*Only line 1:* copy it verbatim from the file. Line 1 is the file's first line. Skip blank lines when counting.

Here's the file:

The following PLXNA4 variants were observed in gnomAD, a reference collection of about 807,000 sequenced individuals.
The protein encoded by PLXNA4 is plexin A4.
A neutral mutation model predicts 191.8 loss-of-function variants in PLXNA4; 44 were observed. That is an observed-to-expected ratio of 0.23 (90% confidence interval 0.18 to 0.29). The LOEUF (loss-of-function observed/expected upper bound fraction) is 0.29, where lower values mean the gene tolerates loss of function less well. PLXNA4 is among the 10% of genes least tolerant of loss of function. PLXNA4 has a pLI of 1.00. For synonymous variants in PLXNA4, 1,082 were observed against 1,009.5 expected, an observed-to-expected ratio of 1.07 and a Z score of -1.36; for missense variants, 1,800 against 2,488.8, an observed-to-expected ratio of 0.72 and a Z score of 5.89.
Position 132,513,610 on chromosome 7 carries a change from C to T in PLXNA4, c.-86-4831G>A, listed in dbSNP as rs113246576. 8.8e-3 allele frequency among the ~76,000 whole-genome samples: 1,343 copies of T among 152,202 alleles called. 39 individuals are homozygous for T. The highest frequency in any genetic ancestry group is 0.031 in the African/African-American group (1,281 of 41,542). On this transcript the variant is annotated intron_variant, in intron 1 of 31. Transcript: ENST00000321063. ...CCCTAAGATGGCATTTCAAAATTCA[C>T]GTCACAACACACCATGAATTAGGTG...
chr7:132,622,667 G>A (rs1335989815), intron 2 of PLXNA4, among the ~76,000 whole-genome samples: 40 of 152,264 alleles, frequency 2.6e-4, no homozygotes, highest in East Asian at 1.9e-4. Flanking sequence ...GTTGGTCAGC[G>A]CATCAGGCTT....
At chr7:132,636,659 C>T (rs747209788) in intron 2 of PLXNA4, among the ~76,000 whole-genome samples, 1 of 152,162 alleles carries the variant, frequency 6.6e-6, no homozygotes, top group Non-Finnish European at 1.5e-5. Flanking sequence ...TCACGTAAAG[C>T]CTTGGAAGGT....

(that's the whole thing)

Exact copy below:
The following PLXNA4 variants were observed in gnomAD, a reference collection of about 807,000 sequenced individuals.